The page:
By Darren Franich
May 09, 2018 at 04:55 PM EDT
Everett Collection

You can only have two reactions to the news that Universal is working on a new film version of Friday Night Lights.

The first reaction — understandable but wrong — is confusion. More Friday Night Lights? Different Friday Night Lights? What’s left? Director Peter Berg adapted H.G. “Buzz” Bissinger’s nonfiction work into a lightly-fictionalized 2004 film, which was pretty good. And then Berg re-adapted Friday Night Lights into a TV show, which became — under the stewardship of showrunner Jason Katims — one of the great TV dramas of this century. Friday Night Lights lived on through most of this decade as a rumor, eternal horizontal reports of a reunion film. The new movie would not involve the TV cast, which is a bummer for many reasons — not least because it turns out Jesse Plemons is really really really good at killing people, so the prospect of a whole movie about Murder Landry suddenly feels like a not-bad idea. (A report in Variety describes the new film as a “reimagining.”)

The second reaction to this news — unlikely but accurate — is to say: How is it possible we haven’t had more versions of this franchise? Bissinger’s book is a resource only-just-barely tapped by several dozen hours of film and television. Originally released in 1990, the book looms larger every year as a defining American epic. The story of the 1988 Permian Panthers moves outwards from Odessa across Texas and the whole economic layout of the 1980s. Bissinger’s narrative becomes a complex cocktail of all America’s best pastimes: football, power, ruined glory, self-delusion, hope, despair.

You’ve read the book, right? It was a favorite in high schools back in the ’90s; it should be required reading for anyone with DNA. In Bissinger’s all-seeing eye, the football field encompasses big ideas that have only gotten bigger in the past 30 years. The book’s blunt depiction of racism is shocking, full of overt epithets, but also macro-historic, traced back across the 20th century and beyond. There’s a whole chapter about a campaign event by candidate George H. W. Bush, rendered by Bissinger as a “Bigger in Texas” version of the Mussolini scene from Amarcord. There’s a particular fascination with how football affects education, and a Kafkaesque (entirely true) narrative about how the State Championship came down to a math teacher who refused to lie about one player’s algebra test.

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This is material the show could approach, but obliquely, sometimes reflecting a very network-TV notion of seriousness. There were always heroes on the television show — Connie Britton’s Tami Taylor was a pro-education goddess — but Bissinger’s book was more complex, much blunter in its depiction of the simmering tensions underpinning small town life. The de facto tone of the Friday Night Lights TV show was, like, hopeful melancholy. But there’s a yet-unmade version of Bissinger’s book that feels more like The Wire or The People v. OJ Simpson — cynical, hilarious, carnivalesque.

Is that what potential director David Gordon Green wants? His filmography points a hundred different directions: The outright satire of his work on Vice Principals, the Southern Gothic of Undertow, the biopic inspirationalism of Stronger.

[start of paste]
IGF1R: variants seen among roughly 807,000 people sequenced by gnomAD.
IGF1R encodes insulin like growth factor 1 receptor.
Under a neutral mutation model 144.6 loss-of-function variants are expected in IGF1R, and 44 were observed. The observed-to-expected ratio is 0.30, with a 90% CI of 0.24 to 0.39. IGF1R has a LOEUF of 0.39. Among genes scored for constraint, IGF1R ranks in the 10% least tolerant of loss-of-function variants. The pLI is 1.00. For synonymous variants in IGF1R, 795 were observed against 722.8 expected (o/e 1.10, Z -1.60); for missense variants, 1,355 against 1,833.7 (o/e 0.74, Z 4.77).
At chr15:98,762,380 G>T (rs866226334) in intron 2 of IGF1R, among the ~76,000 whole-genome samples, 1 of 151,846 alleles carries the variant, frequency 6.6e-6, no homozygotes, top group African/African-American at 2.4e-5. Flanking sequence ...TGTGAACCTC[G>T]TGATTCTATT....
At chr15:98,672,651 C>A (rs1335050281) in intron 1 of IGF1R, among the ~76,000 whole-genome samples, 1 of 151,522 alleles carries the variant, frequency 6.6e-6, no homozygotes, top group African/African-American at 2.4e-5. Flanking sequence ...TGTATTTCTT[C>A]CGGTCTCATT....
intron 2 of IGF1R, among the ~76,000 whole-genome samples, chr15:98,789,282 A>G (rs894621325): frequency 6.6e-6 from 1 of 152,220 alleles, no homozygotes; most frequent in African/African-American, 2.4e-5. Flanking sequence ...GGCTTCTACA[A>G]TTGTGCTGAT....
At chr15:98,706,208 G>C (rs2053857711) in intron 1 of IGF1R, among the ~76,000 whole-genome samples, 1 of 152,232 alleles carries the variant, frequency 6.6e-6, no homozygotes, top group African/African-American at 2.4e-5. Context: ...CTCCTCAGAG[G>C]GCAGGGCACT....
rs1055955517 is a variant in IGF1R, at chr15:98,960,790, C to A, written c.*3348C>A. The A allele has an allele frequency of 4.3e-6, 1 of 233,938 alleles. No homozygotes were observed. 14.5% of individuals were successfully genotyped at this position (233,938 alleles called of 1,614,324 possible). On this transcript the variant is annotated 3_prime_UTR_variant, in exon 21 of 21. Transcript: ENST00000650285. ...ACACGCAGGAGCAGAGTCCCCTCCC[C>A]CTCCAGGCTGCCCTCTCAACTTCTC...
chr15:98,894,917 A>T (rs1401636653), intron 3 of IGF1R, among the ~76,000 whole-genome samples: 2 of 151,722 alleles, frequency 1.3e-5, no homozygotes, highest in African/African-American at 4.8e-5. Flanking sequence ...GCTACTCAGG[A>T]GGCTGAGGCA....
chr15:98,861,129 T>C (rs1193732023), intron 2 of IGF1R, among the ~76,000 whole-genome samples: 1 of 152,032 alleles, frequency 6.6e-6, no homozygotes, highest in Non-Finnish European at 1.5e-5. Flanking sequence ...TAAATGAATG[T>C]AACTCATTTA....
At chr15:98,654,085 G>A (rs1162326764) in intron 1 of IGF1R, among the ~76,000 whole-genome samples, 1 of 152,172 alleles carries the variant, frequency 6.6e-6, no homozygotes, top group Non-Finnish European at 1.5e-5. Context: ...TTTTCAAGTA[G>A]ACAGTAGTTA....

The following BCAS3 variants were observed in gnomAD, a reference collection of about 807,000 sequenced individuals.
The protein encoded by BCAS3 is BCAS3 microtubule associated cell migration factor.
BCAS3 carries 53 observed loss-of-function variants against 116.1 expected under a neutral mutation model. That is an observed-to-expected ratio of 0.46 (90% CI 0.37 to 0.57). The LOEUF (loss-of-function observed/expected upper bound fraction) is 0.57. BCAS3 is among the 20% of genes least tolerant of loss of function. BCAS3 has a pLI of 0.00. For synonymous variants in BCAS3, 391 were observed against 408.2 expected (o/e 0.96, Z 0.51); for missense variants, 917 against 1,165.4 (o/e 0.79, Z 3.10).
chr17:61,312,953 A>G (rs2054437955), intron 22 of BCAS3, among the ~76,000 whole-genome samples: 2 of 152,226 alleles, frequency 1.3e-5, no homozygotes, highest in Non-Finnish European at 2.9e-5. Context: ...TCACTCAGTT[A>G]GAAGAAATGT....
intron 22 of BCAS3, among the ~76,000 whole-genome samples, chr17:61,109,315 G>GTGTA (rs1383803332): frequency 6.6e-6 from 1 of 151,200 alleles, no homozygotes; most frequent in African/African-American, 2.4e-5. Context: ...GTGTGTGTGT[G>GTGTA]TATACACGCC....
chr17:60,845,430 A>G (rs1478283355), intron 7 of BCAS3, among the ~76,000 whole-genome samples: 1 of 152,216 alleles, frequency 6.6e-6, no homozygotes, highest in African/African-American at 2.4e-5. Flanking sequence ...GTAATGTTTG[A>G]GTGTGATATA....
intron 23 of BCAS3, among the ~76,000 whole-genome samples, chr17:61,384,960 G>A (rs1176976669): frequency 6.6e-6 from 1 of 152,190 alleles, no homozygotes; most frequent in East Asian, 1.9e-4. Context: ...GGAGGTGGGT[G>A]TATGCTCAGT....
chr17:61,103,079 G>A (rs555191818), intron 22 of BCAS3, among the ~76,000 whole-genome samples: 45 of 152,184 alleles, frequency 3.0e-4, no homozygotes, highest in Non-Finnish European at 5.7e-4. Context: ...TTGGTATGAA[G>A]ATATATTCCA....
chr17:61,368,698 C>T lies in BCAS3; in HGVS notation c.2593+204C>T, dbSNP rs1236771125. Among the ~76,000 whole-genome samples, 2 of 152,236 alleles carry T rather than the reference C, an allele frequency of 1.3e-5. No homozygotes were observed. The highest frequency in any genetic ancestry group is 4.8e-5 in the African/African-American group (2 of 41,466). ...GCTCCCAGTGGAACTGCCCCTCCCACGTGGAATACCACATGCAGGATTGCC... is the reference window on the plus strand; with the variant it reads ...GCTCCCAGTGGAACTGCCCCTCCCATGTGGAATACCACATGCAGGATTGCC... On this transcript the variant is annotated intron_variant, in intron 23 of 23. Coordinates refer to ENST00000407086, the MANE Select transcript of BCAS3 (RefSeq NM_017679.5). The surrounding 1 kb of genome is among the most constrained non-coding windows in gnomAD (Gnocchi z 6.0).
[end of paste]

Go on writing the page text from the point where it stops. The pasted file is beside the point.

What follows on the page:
Maybe some spark of this project comes from Bissinger’s careful, three-dimensional portraits of the star players. Derek Luke gave a fine performance in the 2004 film as “Boobie” Miles, the star fullback with a bright future derailed by injury. Miles’ presence was fictionalized in a couple different directions in the show: the idea of a star player suffering career-ending injury leads to Jason Street, while the particular plight of an African-American football star with a cool nickname inspired the struggles of Brian “Smash” Williams.

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But there’s a version of Friday Night Lights that is only Miles’ story: the proverbial story of the exceptional black athlete left behind when he’s unable to perform. And the show and the movie could only barely scratch the surface of book protagonists Brian Chavez and Ivory Christian, the former a Harvard-bound overachiever, the latter a devoted religious guy who seems to struggle with how great he is at hitting people.

All of these men have had fascinating, sometimes disturbing lives since their high school football careers — explored by Bissinger in a new Afterword in the book’s 25th-anniversary edition, and material that also suggests a more ruminative angle on the Friday Night Lights story.

Of course, a lot has changed since the book was published, and since the show went off the air. Football is, on a national scale, one of the last cosmic brands in a dissolving media industry — and it is an endless source of controversy, the blast site for Trumpian political standoffs. On the Friday Night Lights series, coach Eric Taylor (Kyle Chandler) liked to offer up football as a force for good, an act of communal teamwork where young men could ascend into something like a state of grace.

In 2018, it’s becoming more common to discuss high school football as an existential health risk, and dropping participation in the CTE age suggests the NFL’s media dominance is a generational ticking clock. I’m not saying a Friday Night Lights reboot needs to address the head-injury epidemic — but it seems insane to make a football movie in the late 2010s that doesn’t. (Even if the new FNL is a direct adaptation of the ’80s-set book, it would feel odd to ignore the fact of concussions.)

Does this have to matter for a new Friday Night Lights movie? Can’t it just be about football? Have you been paying attention? In the vision of Bissinger and his adapters, nothing is just about football. It’s a cinematic universe with endless possibility — because, after all, it’s the universe we live in.

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